So I read this week that Valkenburg 2018 will be my 15th World Championships, in a row, which is a record for women riders. It allegedly makes me the most experienced rider out there this weekend, although I’m yet to get a certificate from the UCI to confirm my status, and thus I still think of myself as young.
But with this info at hand, I guess I should pass on my experience and produce a guide to the World Champs and surviving the inevitable fuss around the event.
Helen’s Guide to Surviving the Worlds Fuss
1) It’s just a race. Okay, you hear people say this, but it’s true. What are the consequences of “failure?” And pushing deeper still, what is “failure?”
If you give every race 100%, you’ve never failed. Every race is a chance to learn, a chance to develop, a chance to win or challenge. A result is just a number at the end of the day. So there are UCI points up for grabs, and if you get a result way below expectation you might loose your contract with a team, therefore your financial security, your support team might fall apart, and you end up in a less than optimal position going forward.
But trust me, I’m yet to see this happen to a female racer and ultimately where there’s a will there’s a way back. So if your result isn’t up to your own expectation, don’t cry into your rice crackers, they’ll just go soggy.
2) Getting the approach right. The approach to every race should be as similar as possible. Keep your trusted crew around you, keep your time schedule tight, but don’t copy last year’s approach to the race. It’s going to different, so is your health, your form, the course and many other things. Take the right approach to the race you are facing.
My biggest tip here, is don’t leave your race on the indoor trainer in warm-up. Just because that rider in the tent next to you is doing big gear efforts all morning, or laying around listening to rap music eating nutella sandwiches, doesn’t mean you should. Stick to your plan. It’s yours.
Also, please don’t add any fuel to the Nutella riots; I need peace to return to France as I’m headed back there soon.
3) Social Media. Okay, now this week is all about people going on social media and looking for sneak peaks at the course they are going to face. Well, my advice is don’t bother. Don’t look at the video, or certainly don’t read anything into them. Find it all out for yourself. Don’t change your chain ring size based on that grainy Insta vid you watched on the airport shuttle. The only exception to this is if you are stuck in traffic going to the event and have no chance to pre-ride. If you find yourself in this situation, watch the videos, try some kind of sit-jogging as a warm-up, hit the race fresh and see what happens.
But do remember to put a picture up of your race number because if you don’t then basically you weren’t there.
4) Random Photographers. Right, these folk are awesome; they love our sport and you as an athlete. They all want your picture, but I have a feeling they haven’t raced at Worlds before. Their levels of adrenalin and nerves aren’t at fever pitch like yours, so when that photographer and his friend (you all know him) ask you to take off your helmet and glasses, when you are already gridded on the start line, just say no. If we riders all stick together here it’s going to make future Championships better for all of us.
I’ve only been to 15 in cyclocross and three Road Worlds, so I think I might have a few more in the tank, and I want all subsequent Championships to be great, so do this for me. Thanks.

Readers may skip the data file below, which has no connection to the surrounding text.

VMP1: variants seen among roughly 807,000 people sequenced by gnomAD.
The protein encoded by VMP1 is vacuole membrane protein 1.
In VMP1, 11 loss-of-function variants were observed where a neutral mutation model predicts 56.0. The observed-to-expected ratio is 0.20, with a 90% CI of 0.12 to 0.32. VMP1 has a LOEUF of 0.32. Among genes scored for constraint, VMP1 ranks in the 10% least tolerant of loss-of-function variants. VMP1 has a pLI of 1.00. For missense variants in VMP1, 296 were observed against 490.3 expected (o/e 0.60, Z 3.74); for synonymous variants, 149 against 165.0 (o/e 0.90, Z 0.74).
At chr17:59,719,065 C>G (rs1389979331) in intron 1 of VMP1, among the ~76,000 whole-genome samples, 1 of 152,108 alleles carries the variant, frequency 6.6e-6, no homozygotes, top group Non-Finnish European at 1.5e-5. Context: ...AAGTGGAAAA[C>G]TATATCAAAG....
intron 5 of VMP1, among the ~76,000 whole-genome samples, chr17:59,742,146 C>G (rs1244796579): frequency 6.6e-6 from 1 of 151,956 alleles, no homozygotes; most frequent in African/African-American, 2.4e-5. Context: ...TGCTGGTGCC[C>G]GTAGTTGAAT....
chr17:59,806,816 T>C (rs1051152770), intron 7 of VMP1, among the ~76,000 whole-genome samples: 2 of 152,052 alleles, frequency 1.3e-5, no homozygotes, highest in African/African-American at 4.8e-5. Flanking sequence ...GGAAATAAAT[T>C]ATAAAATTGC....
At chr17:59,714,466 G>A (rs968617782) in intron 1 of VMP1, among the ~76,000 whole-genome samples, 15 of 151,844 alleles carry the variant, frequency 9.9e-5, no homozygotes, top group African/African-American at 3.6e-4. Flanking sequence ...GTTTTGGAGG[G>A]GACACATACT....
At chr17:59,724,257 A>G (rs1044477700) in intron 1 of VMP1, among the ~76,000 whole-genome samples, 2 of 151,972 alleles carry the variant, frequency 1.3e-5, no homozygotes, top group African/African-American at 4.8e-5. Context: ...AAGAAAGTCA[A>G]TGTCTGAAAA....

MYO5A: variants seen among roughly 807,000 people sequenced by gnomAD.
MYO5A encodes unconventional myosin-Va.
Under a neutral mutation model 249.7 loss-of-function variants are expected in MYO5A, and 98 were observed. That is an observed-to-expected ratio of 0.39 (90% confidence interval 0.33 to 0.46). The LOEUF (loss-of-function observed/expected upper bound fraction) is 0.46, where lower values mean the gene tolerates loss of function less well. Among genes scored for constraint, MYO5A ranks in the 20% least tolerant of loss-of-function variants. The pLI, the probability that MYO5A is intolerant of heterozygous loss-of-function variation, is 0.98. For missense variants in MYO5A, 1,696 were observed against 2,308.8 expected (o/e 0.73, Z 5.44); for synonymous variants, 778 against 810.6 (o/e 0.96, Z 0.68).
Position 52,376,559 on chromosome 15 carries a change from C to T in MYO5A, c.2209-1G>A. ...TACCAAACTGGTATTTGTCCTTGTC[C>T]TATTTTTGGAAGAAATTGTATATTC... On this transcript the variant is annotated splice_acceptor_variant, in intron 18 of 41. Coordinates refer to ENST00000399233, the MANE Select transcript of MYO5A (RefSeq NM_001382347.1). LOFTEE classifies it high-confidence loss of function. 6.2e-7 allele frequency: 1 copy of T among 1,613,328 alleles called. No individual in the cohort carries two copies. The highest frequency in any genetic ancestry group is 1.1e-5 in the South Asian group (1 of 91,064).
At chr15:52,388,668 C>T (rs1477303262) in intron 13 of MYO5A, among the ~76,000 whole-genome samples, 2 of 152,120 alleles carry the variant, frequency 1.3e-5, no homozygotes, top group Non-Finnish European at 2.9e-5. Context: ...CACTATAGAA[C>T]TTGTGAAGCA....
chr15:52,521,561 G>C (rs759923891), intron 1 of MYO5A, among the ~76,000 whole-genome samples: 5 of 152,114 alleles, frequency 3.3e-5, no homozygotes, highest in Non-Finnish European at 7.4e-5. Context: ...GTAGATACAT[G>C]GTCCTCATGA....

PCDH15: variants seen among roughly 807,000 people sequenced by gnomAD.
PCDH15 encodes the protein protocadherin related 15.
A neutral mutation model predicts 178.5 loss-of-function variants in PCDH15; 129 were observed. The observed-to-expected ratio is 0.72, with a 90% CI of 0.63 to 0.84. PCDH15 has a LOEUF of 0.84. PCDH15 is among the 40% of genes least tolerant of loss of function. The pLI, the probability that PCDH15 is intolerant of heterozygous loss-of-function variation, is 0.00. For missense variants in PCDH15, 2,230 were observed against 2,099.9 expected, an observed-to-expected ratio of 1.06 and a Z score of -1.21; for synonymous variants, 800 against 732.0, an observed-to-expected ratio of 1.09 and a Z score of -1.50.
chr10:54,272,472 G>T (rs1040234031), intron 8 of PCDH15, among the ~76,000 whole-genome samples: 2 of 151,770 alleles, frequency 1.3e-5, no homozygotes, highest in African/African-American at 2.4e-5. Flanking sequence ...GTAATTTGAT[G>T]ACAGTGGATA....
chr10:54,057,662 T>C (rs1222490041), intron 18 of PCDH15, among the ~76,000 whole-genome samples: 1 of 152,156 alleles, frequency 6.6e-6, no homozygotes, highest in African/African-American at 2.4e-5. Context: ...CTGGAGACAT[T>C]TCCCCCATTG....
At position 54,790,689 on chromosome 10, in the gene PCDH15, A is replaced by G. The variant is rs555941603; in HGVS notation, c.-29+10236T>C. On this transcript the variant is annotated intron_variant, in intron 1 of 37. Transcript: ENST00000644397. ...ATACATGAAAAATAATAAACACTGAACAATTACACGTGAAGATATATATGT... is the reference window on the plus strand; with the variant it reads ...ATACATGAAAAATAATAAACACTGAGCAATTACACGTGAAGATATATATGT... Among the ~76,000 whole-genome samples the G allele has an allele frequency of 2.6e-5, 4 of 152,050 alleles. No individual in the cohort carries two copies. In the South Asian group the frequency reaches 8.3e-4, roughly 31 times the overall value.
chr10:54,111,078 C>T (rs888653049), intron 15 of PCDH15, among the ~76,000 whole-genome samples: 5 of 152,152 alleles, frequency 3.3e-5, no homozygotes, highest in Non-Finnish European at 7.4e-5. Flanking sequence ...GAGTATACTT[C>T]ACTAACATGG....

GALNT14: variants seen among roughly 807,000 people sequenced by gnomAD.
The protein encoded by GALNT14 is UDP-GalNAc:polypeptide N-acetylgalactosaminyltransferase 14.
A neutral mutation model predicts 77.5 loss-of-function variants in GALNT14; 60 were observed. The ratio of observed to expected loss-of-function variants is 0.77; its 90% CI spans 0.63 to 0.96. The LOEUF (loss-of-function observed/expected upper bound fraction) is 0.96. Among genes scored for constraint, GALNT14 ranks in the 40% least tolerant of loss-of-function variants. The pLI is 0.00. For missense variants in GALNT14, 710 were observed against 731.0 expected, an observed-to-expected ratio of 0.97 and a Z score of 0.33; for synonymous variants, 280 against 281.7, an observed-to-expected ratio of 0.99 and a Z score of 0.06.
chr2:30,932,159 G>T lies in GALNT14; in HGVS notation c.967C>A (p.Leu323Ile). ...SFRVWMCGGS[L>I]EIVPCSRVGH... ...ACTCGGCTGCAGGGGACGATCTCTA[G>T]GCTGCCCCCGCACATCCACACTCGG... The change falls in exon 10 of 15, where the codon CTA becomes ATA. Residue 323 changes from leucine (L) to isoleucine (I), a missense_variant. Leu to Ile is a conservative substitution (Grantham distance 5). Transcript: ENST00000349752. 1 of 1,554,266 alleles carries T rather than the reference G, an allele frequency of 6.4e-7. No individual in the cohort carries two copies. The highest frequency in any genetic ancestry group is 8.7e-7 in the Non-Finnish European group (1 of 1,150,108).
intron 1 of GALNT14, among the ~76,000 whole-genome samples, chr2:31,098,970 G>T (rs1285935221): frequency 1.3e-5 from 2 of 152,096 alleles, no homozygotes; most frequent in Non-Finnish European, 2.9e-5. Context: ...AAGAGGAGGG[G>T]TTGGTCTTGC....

5) The Race. Right, it’s Worlds, you’re excited, you’re on TV, your folks are watching … ignore all that and carry on as normal. That pass from row 5 to 10 seconds off the front in the first 400 metres is cool and all that, but it might not help your overall result. Now I know, according to point 1 above, results don’t matter, but your coach is going to scrutinize your entire performance and that does matter. Losing two minutes on Lap 2 isn’t that cool, so just race 100%. Get to the limit, push the limit, push it some more, race fair and when you finish, try to smile, and try not to be sick, you’re still on TV, right.
6) The Apres Race. First of all enjoy yourself, you’ve earned it. If there is a foam party invitation going around, take it. If you can get the invitation and get a chance to crowd surf, take it. Otherwise, don’t make a complete arse of yourself, there’s another race next week. If you are making an arse of yourself because your forgot you shouldn’t, don’t put it on social media. Be nice to people, all people, and remember rivalries are for the race track, not the foam party.
7) The Crew. Right, as well as the biggest day of your year, it’s also the biggest day for your crew, and if you are supported by your national federation, it’s a big event from them. Everyone around you is trying 100% to get it right, so say thanks.
If you don’t know your crew for this, the biggest of days, take five minutes to sit down with those that will be working with you (Please know they are not working for you, they are working with you). Explain your likes and don’t likes. Treat it like mechanic speed dating, get the most out of this relationship. Then, after, say thanks. They’ll appreciate it, especially if you win.
We can’t do it without them, they work their thermal socks off for us all season.
Anyway, good luck and enjoy.
The Helen 100 Fundraiser
Wyman is hosting a raffle to raise money to send 100 U23 Women to British Cyclocross Nationals in 2019. Learn more about the raffle and how to donate at her Helen 100 page.
For more from Valkenburg-Limburg, see our dedicated 2018 Cyclocross World Championships page.